Sima Yan had held fear that his son Sima Zhong was not intelligent, and was afraid when he took over he'd lead Jin into chaos, so he sent Xun Xu and He Jiao to obverse his son. When they returned, Xun Xu highly praised Sima Zhong's ability, but He Jiao said that things were as Sima Yan feared. After Jia Nanfeng threw a halberd and killed the pregnant concubine of Sima Zhong, Sima Yan was beside himself with anger and wanted to kill her, but Xun Xu and Feng Dan did everything in their power to calm down Sima Yan, and as a result her life was spared.

Altering the Book of History

Later, Xun Xu's position would change from leading the Zhongshujian to the Shangshuling. Xun Xu because he'd been with the Zhongshujian for a long time, had been in charge of many important matters, and with his change in position, it appeared that he would lose influence, so he was completely unhappy. After his appointment to the Shangshuling, there was an investigation of the underlings of the Lingshi, and found that there were gramatical errors everywhere, but weren't able to figure out how to handle these affairs, and decided to fire everyone. Sima Yan appreciated this, and referenced the Eastern Han's Xun Yu and Xun You, and praised Xun Xu as having these two men's strong points. A month after he'd been in office, he tried to resign on account of his mother's death, but Sima Yan wouldn't permit it, and gave him an imperial command to continue his inspections.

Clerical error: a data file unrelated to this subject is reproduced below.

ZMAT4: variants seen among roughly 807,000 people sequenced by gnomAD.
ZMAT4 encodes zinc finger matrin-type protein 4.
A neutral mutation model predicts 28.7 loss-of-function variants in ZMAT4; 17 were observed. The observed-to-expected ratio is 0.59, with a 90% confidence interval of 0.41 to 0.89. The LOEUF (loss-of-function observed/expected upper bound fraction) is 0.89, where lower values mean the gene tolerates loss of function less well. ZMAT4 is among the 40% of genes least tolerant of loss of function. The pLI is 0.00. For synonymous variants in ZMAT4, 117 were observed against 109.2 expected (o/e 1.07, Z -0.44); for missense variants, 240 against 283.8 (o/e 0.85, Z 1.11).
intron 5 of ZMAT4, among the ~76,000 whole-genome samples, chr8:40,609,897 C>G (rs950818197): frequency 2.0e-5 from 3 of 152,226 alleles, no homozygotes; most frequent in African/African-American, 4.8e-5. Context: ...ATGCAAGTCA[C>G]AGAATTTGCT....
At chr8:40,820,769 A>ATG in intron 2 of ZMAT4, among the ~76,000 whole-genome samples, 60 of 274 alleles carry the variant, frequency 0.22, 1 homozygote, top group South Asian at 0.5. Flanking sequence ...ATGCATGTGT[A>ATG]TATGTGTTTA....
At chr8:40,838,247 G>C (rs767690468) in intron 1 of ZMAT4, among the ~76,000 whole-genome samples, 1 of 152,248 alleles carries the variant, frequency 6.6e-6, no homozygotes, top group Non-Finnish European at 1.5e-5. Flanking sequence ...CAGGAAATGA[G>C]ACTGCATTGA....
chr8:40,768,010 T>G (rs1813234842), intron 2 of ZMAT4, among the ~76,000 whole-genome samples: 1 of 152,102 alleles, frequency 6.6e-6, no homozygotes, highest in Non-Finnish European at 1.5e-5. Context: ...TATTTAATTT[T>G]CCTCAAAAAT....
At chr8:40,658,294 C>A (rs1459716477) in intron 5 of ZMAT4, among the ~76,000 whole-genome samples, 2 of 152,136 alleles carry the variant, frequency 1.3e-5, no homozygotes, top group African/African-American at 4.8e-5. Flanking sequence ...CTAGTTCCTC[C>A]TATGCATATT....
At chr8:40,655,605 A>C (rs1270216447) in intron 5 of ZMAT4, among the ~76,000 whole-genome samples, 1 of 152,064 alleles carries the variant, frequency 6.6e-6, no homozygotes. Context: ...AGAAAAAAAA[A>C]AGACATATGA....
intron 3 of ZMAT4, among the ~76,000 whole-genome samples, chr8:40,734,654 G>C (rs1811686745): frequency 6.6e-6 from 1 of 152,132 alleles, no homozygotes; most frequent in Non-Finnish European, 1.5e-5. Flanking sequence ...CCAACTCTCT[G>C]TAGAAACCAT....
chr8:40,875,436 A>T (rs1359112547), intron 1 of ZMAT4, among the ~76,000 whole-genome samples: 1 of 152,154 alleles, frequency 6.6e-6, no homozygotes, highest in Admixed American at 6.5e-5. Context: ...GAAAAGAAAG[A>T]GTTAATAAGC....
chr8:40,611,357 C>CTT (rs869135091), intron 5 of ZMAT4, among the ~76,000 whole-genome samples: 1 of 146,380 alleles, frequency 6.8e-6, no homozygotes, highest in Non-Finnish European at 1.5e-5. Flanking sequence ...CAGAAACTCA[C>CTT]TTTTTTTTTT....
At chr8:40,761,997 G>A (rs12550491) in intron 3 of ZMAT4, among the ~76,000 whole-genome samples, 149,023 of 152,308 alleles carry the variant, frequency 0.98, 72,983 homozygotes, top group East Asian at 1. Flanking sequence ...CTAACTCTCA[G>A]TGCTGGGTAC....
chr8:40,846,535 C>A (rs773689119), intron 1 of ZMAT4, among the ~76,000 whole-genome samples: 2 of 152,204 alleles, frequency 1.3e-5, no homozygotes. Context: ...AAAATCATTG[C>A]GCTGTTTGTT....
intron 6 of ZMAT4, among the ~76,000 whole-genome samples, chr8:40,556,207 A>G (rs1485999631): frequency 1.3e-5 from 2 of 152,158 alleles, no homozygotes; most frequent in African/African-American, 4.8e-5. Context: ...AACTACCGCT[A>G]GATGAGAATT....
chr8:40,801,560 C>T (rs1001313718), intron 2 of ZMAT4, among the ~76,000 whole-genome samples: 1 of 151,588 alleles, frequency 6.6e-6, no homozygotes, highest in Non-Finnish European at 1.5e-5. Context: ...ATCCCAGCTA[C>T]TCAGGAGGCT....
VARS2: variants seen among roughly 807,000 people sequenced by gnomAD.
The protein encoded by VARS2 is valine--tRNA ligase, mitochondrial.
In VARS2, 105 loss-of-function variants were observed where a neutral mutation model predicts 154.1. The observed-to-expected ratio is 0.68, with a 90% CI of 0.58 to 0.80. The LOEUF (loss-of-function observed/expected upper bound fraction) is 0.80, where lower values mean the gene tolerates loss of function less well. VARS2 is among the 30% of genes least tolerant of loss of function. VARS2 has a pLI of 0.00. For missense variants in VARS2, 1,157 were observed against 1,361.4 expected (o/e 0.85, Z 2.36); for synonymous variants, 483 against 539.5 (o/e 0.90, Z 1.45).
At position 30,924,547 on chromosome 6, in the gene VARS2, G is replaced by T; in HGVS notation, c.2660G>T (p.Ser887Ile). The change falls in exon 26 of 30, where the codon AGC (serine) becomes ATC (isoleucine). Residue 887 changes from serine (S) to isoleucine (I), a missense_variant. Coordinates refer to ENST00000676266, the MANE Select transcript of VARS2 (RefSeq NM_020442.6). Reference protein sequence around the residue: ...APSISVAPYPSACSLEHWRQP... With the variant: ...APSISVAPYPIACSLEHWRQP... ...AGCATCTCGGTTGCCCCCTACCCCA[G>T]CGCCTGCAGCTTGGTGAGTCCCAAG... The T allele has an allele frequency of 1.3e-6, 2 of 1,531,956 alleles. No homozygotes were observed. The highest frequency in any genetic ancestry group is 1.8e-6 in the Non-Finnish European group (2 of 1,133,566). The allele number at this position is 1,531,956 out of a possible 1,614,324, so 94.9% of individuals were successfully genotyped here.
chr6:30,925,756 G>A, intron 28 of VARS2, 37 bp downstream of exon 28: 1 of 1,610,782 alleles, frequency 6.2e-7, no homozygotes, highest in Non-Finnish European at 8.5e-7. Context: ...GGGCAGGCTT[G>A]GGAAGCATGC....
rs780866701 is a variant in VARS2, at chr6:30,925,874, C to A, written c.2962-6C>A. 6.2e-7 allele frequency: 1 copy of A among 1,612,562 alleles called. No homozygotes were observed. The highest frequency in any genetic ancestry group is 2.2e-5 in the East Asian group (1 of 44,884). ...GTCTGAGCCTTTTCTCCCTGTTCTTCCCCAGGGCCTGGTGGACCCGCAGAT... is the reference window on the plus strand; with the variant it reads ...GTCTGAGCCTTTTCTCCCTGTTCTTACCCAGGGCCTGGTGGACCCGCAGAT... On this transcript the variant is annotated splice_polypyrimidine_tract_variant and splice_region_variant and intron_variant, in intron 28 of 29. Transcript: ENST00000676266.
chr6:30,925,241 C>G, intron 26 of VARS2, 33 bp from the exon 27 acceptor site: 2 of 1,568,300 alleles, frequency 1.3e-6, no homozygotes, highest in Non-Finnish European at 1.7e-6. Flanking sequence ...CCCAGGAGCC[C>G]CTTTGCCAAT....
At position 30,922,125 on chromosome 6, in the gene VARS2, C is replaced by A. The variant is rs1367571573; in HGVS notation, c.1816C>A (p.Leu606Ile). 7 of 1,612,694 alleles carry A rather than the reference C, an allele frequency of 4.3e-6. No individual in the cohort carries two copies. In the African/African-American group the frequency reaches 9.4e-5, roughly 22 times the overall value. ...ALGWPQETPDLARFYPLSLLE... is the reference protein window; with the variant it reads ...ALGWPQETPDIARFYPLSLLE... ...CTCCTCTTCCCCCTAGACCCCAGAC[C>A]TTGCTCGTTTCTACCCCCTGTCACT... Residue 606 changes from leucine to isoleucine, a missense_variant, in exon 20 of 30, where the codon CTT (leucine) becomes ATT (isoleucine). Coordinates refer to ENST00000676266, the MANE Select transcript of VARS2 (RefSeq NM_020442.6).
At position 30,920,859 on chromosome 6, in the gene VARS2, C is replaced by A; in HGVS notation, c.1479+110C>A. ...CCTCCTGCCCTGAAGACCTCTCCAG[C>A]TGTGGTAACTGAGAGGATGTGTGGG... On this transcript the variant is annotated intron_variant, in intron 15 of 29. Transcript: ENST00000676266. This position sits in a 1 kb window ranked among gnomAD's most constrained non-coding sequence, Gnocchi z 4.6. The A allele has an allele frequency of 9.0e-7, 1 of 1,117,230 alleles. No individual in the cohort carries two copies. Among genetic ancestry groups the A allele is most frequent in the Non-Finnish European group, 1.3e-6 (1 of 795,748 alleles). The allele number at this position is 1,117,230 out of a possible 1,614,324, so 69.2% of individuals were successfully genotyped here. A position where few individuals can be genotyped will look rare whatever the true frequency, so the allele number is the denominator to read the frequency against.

In 289, Xun Xu died, and was posthumously named Situ, and confered a coffin, money, silk, as well as sending two imperial censors to his funeral He was given the postumous title Cheng Marquis.

Other Accomplishments

Xun Xu was proficient in music, and guided the composition of Liu Gong, in according with the Rites of Zhou in Confucianism, imitate the ancient musical notes, and later in accordance with the ancient musical notes, casted a copper tuner, which he could use to perfect the notes. He also once in accordance with the laws (any help for this), made a flute that would follow the 12 tones of Chinese music (guessing on this, not sure exactly what it is), with each pitch corresponding to each tone.